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Primary cardiac angiosarcoma masquerading as intracardiac thrombus
  1. Nicholas Villano1,
  2. William P Flavin2 and
  3. Pamela Tsing3,4
  1. 1Department of Internal Medicine, Beth Israel Deaconess Medical Center, Boston, Massachusetts, USA
  2. 2Department of Neurology, UCLA Medical Center, Los Angeles, California, USA
  3. 3Division of Hospital Medicine, West Los Angeles VA Medical Center, Los Angeles, California, USA
  4. 4David Geffen School of Medicine at UCLA, Los Angeles, California, USA
  1. Correspondence to Dr Pamela Tsing; pamela.tsing{at}


A 49-year-old man with a recent history of atrial tachycardia and intracardiac thrombus presented to the emergency department with melena and cardiac tamponade. Physical examination was notable for a vascular mass at the right lower gingival sulcus and a right chest wall nodule. Enteroscopy revealed a target lesion with friable ulcer in the gastric body. Cardiac MRI revealed a large right atrial mass, previously thought to represent thrombus. The patient was ultimately diagnosed with primary cardiac angiosarcoma (PCAS) by histopathology of gingival, gastric and subcutaneous lesions. This case illustrates the significant morbidity and mortality resulting from aggressive local invasion and growth of PCAS, as well as the challenge of differentiating between primary thrombosis and vascular malignancy. Misdiagnosis of this elusive clinical entity may be costly, potentially resulting in delay of intervention and adverse effects of alternate therapies such as anticoagulation.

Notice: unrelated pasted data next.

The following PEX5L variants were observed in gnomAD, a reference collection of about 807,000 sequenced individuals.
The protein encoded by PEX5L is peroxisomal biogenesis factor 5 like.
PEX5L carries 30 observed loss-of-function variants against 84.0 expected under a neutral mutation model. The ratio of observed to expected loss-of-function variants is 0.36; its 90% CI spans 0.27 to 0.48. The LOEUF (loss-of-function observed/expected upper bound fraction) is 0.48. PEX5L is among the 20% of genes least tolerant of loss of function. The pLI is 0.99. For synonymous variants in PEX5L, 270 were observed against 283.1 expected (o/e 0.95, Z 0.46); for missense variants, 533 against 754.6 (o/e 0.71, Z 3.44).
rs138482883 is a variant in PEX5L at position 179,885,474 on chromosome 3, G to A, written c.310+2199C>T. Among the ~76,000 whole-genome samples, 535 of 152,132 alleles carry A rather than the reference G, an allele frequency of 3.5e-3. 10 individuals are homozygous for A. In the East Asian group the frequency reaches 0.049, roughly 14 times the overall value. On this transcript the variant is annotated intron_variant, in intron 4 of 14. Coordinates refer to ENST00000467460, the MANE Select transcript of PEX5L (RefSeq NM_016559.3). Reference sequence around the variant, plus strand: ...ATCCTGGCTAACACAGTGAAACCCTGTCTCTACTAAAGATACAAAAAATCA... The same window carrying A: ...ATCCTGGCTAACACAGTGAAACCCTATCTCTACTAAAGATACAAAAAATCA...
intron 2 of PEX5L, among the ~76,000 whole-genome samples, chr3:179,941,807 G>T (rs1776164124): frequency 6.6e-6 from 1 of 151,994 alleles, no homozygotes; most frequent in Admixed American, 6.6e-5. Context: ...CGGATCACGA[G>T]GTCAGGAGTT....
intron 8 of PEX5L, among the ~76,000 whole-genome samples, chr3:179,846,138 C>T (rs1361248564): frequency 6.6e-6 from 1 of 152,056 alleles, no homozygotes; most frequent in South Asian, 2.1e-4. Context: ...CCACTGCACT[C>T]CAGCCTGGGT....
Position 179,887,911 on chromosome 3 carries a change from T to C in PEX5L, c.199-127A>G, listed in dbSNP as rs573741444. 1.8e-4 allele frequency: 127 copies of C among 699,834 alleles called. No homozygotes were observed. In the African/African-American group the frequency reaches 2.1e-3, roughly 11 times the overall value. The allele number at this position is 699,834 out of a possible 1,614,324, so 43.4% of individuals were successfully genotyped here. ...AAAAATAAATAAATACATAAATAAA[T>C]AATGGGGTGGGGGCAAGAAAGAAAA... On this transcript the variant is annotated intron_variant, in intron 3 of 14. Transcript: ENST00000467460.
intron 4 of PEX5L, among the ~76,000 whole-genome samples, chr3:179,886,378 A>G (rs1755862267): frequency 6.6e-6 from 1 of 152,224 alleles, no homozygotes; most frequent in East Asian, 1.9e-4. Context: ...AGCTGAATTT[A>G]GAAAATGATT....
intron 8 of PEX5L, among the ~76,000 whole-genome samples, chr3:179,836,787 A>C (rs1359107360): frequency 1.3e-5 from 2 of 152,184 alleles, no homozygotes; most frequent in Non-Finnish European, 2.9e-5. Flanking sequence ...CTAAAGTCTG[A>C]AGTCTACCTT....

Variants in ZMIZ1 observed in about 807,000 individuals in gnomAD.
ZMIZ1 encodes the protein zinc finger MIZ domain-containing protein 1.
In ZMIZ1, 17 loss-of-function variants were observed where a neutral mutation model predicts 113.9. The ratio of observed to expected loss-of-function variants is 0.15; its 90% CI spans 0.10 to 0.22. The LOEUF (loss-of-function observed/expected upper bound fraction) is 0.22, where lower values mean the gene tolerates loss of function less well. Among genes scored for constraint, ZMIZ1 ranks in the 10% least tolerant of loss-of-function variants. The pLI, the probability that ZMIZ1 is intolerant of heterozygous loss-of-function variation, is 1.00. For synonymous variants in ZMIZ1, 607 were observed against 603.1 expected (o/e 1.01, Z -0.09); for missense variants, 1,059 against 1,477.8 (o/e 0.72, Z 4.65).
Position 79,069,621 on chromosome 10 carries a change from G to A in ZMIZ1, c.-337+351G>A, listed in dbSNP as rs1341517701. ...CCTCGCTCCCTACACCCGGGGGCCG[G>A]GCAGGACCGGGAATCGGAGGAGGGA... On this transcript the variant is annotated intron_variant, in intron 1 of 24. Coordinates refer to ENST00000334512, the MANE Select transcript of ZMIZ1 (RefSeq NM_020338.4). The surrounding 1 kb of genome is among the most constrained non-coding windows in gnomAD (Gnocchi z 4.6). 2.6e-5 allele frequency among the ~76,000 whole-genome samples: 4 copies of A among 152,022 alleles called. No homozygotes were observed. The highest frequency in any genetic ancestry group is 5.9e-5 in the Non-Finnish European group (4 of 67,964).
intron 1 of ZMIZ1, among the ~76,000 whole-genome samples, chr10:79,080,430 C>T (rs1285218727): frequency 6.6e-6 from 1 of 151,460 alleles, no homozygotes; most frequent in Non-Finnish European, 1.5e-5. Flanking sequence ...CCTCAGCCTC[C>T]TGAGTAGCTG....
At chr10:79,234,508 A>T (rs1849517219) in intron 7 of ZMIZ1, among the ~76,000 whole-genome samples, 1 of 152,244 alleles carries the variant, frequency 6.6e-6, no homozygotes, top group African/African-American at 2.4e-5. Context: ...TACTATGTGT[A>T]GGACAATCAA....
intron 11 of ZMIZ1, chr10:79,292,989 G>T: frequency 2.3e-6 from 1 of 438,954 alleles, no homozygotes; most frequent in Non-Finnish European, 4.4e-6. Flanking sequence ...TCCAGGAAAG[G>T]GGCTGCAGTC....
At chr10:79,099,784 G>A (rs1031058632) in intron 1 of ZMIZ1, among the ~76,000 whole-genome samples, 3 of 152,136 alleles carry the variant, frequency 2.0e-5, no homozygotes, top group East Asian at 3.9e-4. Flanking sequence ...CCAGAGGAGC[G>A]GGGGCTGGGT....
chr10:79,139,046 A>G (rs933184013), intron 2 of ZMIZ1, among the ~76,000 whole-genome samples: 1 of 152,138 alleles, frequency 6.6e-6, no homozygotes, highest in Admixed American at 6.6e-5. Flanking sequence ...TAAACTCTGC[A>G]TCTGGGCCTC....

• cancer - see oncology
  • cancer intervention
  • radiology
  • cardiothoracic surgery
  • venous thromboembolism

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  • Contributors NV, WPF and PT were involved in caring for the patient during his hospital stay, conceived the idea of writing a manuscript and made final revisions of the manuscript. PT established the overall concept of the manuscript and established its main teaching points. NV did an initial literature review and wrote a draft of the manuscript. PT and WPF conducted a separate literature review and critically reviewed and revised the manuscript.

  • Funding The authors have not declared a specific grant for this research from any funding agency in the public, commercial or not-for-profit sectors.

  • Competing interests None declared.

  • Patient consent for publication Obtained.

  • Provenance and peer review Not commissioned; externally peer reviewed.

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